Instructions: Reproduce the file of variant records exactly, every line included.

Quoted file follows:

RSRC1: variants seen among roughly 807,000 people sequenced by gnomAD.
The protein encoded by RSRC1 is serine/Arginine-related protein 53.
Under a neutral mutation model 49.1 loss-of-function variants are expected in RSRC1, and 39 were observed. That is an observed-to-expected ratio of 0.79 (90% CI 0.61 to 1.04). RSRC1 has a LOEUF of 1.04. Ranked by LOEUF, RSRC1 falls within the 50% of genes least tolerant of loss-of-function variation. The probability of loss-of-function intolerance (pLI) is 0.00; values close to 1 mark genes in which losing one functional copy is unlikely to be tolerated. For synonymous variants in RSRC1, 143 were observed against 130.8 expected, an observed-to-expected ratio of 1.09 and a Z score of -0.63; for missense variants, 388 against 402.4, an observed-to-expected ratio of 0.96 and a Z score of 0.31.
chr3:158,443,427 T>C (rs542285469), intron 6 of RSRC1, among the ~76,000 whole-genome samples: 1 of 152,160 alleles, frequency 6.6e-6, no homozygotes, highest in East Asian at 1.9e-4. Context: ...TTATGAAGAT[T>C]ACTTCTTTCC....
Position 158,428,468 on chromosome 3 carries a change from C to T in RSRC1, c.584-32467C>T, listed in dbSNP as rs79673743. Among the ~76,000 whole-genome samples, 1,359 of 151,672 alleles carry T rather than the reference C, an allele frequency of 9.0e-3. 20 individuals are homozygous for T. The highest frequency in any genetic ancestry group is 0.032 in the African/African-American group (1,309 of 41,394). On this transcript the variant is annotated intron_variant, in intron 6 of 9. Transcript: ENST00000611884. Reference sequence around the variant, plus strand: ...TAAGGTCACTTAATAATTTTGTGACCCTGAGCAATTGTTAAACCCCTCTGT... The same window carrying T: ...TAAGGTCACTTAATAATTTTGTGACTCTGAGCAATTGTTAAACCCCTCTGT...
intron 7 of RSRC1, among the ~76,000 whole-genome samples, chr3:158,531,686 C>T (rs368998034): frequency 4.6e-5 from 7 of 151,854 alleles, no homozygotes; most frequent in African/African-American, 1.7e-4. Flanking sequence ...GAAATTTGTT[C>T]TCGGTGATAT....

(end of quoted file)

RSRC1: variants seen among roughly 807,000 people sequenced by gnomAD.
The protein encoded by RSRC1 is serine/Arginine-related protein 53.
Under a neutral mutation model 49.1 loss-of-function variants are expected in RSRC1, and 39 were observed. That is an observed-to-expected ratio of 0.79 (90% CI 0.61 to 1.04). RSRC1 has a LOEUF of 1.04. Ranked by LOEUF, RSRC1 falls within the 50% of genes least tolerant of loss-of-function variation. The probability of loss-of-function intolerance (pLI) is 0.00; values close to 1 mark genes in which losing one functional copy is unlikely to be tolerated. For synonymous variants in RSRC1, 143 were observed against 130.8 expected, an observed-to-expected ratio of 1.09 and a Z score of -0.63; for missense variants, 388 against 402.4, an observed-to-expected ratio of 0.96 and a Z score of 0.31.
chr3:158,443,427 T>C (rs542285469), intron 6 of RSRC1, among the ~76,000 whole-genome samples: 1 of 152,160 alleles, frequency 6.6e-6, no homozygotes, highest in East Asian at 1.9e-4. Context: ...TTATGAAGAT[T>C]ACTTCTTTCC....
Position 158,428,468 on chromosome 3 carries a change from C to T in RSRC1, c.584-32467C>T, listed in dbSNP as rs79673743. Among the ~76,000 whole-genome samples, 1,359 of 151,672 alleles carry T rather than the reference C, an allele frequency of 9.0e-3. 20 individuals are homozygous for T. The highest frequency in any genetic ancestry group is 0.032 in the African/African-American group (1,309 of 41,394). On this transcript the variant is annotated intron_variant, in intron 6 of 9. Transcript: ENST00000611884. Reference sequence around the variant, plus strand: ...TAAGGTCACTTAATAATTTTGTGACCCTGAGCAATTGTTAAACCCCTCTGT... The same window carrying T: ...TAAGGTCACTTAATAATTTTGTGACTCTGAGCAATTGTTAAACCCCTCTGT...
intron 7 of RSRC1, among the ~76,000 whole-genome samples, chr3:158,531,686 C>T (rs368998034): frequency 4.6e-5 from 7 of 151,854 alleles, no homozygotes; most frequent in African/African-American, 1.7e-4. Flanking sequence ...GAAATTTGTT[C>T]TCGGTGATAT....